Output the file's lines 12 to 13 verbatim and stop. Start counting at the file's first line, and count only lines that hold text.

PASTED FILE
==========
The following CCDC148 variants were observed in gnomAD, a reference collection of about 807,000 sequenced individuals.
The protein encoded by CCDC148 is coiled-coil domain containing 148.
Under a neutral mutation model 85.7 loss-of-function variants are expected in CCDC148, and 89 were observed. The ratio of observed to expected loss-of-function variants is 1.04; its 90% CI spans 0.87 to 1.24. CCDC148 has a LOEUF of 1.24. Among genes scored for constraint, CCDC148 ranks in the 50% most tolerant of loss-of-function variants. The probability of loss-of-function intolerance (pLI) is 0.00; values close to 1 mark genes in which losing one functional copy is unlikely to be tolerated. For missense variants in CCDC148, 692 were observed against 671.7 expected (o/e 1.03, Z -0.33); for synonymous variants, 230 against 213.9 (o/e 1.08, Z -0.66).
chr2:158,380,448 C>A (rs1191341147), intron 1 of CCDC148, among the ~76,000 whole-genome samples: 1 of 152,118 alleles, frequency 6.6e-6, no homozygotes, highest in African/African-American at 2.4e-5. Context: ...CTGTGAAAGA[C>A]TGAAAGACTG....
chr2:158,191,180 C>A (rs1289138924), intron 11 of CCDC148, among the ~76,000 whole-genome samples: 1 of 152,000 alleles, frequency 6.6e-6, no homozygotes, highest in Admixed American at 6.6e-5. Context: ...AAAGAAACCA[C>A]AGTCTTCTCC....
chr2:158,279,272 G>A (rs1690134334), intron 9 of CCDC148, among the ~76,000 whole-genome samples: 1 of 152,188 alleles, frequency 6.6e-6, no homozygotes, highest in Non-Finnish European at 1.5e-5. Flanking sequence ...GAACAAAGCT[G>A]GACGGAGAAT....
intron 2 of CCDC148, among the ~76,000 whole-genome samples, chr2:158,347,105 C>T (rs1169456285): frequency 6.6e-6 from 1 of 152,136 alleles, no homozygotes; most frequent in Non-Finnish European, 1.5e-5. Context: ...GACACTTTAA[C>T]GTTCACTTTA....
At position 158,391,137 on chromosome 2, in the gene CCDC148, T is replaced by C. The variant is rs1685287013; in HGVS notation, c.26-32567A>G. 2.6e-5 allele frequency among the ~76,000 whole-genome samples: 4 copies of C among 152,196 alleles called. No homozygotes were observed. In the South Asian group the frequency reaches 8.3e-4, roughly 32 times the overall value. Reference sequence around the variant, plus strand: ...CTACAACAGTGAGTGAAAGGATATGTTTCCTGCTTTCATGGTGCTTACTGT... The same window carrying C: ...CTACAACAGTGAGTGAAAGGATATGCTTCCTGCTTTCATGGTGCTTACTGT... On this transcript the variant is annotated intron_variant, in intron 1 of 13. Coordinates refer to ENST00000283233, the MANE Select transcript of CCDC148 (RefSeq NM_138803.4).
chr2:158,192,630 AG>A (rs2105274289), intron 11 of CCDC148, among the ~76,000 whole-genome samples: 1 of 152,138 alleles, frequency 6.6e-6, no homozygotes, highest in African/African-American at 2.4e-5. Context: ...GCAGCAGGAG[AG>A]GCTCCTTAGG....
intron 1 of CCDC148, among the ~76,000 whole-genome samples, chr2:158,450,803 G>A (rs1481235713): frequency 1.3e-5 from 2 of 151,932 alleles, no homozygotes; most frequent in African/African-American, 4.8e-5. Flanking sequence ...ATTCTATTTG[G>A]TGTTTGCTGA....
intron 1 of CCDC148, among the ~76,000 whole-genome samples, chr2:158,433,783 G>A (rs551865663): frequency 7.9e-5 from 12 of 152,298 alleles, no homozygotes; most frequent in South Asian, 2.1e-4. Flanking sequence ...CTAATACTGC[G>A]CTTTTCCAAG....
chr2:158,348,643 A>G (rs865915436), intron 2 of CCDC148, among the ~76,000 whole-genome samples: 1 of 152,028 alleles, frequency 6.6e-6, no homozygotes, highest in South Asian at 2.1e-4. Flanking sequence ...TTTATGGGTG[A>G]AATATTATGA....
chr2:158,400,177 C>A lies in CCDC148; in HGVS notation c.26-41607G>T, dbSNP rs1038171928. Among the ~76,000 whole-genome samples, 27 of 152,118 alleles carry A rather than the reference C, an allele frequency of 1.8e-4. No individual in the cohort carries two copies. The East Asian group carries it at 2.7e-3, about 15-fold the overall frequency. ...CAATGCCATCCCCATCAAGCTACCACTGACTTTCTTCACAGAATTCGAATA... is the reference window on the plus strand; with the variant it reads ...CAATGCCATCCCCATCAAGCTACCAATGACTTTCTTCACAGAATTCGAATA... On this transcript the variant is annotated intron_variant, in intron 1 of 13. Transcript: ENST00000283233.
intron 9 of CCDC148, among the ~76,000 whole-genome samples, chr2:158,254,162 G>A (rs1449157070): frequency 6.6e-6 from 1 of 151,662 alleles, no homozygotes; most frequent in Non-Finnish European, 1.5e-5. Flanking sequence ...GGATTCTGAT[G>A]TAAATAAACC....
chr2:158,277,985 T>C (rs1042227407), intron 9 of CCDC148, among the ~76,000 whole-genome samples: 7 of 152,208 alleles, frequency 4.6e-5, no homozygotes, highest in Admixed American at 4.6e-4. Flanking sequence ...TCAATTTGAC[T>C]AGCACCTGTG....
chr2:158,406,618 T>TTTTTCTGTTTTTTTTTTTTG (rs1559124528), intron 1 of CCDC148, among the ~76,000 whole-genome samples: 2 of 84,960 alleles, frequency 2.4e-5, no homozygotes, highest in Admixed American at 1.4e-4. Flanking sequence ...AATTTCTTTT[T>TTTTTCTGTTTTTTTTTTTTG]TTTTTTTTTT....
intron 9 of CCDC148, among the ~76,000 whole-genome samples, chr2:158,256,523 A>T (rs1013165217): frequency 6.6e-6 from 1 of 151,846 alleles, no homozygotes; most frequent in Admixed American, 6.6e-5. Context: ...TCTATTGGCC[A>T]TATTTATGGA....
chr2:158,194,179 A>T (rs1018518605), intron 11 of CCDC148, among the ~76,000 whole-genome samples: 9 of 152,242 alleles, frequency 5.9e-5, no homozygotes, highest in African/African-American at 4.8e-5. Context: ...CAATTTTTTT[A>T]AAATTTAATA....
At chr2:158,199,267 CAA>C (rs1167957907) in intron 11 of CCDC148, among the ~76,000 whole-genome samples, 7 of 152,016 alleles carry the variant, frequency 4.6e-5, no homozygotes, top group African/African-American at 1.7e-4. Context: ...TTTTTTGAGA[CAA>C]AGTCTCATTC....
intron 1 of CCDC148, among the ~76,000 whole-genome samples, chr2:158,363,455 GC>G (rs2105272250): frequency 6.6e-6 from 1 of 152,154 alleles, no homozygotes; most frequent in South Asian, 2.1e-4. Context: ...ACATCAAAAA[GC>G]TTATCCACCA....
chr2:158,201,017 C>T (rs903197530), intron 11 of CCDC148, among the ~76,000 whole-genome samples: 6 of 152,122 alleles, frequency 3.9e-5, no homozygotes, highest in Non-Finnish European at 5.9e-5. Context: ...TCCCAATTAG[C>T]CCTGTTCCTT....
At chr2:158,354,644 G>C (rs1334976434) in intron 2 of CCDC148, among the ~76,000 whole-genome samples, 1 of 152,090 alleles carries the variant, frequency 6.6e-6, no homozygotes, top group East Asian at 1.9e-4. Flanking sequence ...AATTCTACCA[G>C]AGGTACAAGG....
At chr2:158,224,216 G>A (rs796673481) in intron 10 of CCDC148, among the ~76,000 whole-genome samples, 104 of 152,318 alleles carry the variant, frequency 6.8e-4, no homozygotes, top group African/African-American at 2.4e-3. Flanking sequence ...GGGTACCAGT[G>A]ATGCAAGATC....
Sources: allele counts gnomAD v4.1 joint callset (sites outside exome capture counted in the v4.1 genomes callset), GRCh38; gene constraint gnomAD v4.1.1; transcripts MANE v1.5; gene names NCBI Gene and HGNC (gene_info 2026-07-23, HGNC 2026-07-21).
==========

chr2:158,348,643 A>G (rs865915436), intron 2 of CCDC148, among the ~76,000 whole-genome samples: 1 of 152,028 alleles, frequency 6.6e-6, no homozygotes, highest in South Asian at 2.1e-4. Flanking sequence ...TTTATGGGTG[A>G]AATATTATGA....
chr2:158,400,177 C>A lies in CCDC148; in HGVS notation c.26-41607G>T, dbSNP rs1038171928. Among the ~76,000 whole-genome samples, 27 of 152,118 alleles carry A rather than the reference C, an allele frequency of 1.8e-4. No individual in the cohort carries two copies. The East Asian group carries it at 2.7e-3, about 15-fold the overall frequency. ...CAATGCCATCCCCATCAAGCTACCACTGACTTTCTTCACAGAATTCGAATA... is the reference window on the plus strand; with the variant it reads ...CAATGCCATCCCCATCAAGCTACCAATGACTTTCTTCACAGAATTCGAATA... On this transcript the variant is annotated intron_variant, in intron 1 of 13. Transcript: ENST00000283233.